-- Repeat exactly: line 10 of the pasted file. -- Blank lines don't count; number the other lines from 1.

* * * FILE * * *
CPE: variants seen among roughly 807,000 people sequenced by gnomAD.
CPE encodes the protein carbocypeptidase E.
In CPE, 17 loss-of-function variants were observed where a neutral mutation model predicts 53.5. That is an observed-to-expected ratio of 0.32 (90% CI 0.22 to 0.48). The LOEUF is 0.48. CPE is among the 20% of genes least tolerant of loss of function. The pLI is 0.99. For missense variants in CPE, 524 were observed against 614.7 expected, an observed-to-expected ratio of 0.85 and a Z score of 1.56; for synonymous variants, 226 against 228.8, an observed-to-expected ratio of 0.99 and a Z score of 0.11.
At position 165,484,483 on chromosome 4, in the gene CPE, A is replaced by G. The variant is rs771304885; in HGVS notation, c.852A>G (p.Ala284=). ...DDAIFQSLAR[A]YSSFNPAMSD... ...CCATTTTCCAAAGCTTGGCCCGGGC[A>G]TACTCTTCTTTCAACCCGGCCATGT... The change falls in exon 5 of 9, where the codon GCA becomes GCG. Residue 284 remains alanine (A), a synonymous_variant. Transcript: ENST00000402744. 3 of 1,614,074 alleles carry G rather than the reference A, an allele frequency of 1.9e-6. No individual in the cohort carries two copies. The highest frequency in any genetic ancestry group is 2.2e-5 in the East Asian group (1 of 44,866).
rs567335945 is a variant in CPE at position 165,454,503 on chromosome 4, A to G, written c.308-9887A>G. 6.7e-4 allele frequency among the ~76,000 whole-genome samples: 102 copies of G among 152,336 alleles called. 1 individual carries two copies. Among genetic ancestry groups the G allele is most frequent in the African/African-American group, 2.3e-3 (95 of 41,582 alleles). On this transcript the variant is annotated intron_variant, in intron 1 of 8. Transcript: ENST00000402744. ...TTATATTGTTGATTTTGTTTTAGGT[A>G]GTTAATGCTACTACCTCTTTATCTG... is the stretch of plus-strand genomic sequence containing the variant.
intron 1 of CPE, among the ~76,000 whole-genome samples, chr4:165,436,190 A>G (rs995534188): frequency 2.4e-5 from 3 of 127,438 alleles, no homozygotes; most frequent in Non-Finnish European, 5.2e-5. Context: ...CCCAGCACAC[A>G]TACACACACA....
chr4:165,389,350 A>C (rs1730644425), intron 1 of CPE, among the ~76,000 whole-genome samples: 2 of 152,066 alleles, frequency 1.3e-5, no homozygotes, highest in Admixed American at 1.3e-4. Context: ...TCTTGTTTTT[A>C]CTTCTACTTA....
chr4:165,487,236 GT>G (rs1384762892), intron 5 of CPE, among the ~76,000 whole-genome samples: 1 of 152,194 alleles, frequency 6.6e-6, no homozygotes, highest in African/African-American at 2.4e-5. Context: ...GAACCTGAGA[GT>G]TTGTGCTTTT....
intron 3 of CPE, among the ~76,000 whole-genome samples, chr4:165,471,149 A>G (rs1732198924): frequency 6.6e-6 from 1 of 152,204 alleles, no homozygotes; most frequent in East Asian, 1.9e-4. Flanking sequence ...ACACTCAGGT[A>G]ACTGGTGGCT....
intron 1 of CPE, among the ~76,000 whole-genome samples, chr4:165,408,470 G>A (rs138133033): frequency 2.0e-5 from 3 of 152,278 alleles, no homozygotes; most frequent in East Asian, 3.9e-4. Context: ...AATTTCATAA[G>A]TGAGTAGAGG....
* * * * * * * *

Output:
intron 1 of CPE, among the ~76,000 whole-genome samples, chr4:165,408,470 G>A (rs138133033): frequency 2.0e-5 from 3 of 152,278 alleles, no homozygotes; most frequent in East Asian, 3.9e-4. Context: ...AATTTCATAA[G>A]TGAGTAGAGG....